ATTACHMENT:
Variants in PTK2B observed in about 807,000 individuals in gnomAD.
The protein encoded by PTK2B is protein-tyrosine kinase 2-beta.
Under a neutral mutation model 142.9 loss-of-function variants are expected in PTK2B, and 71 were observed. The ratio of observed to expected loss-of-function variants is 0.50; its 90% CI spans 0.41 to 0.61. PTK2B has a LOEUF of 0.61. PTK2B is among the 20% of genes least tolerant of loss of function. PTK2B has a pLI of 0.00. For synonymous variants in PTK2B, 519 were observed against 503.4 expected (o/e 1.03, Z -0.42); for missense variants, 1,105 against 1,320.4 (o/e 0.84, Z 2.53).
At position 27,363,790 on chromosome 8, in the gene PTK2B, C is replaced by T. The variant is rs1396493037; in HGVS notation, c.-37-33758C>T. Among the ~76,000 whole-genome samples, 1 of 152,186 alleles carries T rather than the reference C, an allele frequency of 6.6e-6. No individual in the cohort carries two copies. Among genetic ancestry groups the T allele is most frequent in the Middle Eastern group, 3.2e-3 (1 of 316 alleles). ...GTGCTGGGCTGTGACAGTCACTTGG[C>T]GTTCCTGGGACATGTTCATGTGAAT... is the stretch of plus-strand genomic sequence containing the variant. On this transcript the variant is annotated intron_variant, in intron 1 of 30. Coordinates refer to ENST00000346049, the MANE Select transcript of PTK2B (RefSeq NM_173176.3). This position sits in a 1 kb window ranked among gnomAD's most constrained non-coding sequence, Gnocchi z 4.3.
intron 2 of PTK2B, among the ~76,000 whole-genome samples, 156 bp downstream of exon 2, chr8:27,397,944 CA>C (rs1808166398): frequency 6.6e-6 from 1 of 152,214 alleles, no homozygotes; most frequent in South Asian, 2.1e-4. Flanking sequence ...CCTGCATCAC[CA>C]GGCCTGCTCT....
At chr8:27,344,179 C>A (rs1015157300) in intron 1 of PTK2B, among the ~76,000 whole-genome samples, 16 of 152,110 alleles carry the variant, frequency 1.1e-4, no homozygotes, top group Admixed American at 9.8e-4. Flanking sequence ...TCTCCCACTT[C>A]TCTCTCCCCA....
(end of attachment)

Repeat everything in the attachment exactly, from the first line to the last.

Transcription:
Variants in PTK2B observed in about 807,000 individuals in gnomAD.
The protein encoded by PTK2B is protein-tyrosine kinase 2-beta.
Under a neutral mutation model 142.9 loss-of-function variants are expected in PTK2B, and 71 were observed. The ratio of observed to expected loss-of-function variants is 0.50; its 90% CI spans 0.41 to 0.61. PTK2B has a LOEUF of 0.61. PTK2B is among the 20% of genes least tolerant of loss of function. PTK2B has a pLI of 0.00. For synonymous variants in PTK2B, 519 were observed against 503.4 expected (o/e 1.03, Z -0.42); for missense variants, 1,105 against 1,320.4 (o/e 0.84, Z 2.53).
At position 27,363,790 on chromosome 8, in the gene PTK2B, C is replaced by T. The variant is rs1396493037; in HGVS notation, c.-37-33758C>T. Among the ~76,000 whole-genome samples, 1 of 152,186 alleles carries T rather than the reference C, an allele frequency of 6.6e-6. No individual in the cohort carries two copies. Among genetic ancestry groups the T allele is most frequent in the Middle Eastern group, 3.2e-3 (1 of 316 alleles). ...GTGCTGGGCTGTGACAGTCACTTGG[C>T]GTTCCTGGGACATGTTCATGTGAAT... is the stretch of plus-strand genomic sequence containing the variant. On this transcript the variant is annotated intron_variant, in intron 1 of 30. Coordinates refer to ENST00000346049, the MANE Select transcript of PTK2B (RefSeq NM_173176.3). This position sits in a 1 kb window ranked among gnomAD's most constrained non-coding sequence, Gnocchi z 4.3.
intron 2 of PTK2B, among the ~76,000 whole-genome samples, 156 bp downstream of exon 2, chr8:27,397,944 CA>C (rs1808166398): frequency 6.6e-6 from 1 of 152,214 alleles, no homozygotes; most frequent in South Asian, 2.1e-4. Flanking sequence ...CCTGCATCAC[CA>C]GGCCTGCTCT....
At chr8:27,344,179 C>A (rs1015157300) in intron 1 of PTK2B, among the ~76,000 whole-genome samples, 16 of 152,110 alleles carry the variant, frequency 1.1e-4, no homozygotes, top group Admixed American at 9.8e-4. Flanking sequence ...TCTCCCACTT[C>A]TCTCTCCCCA....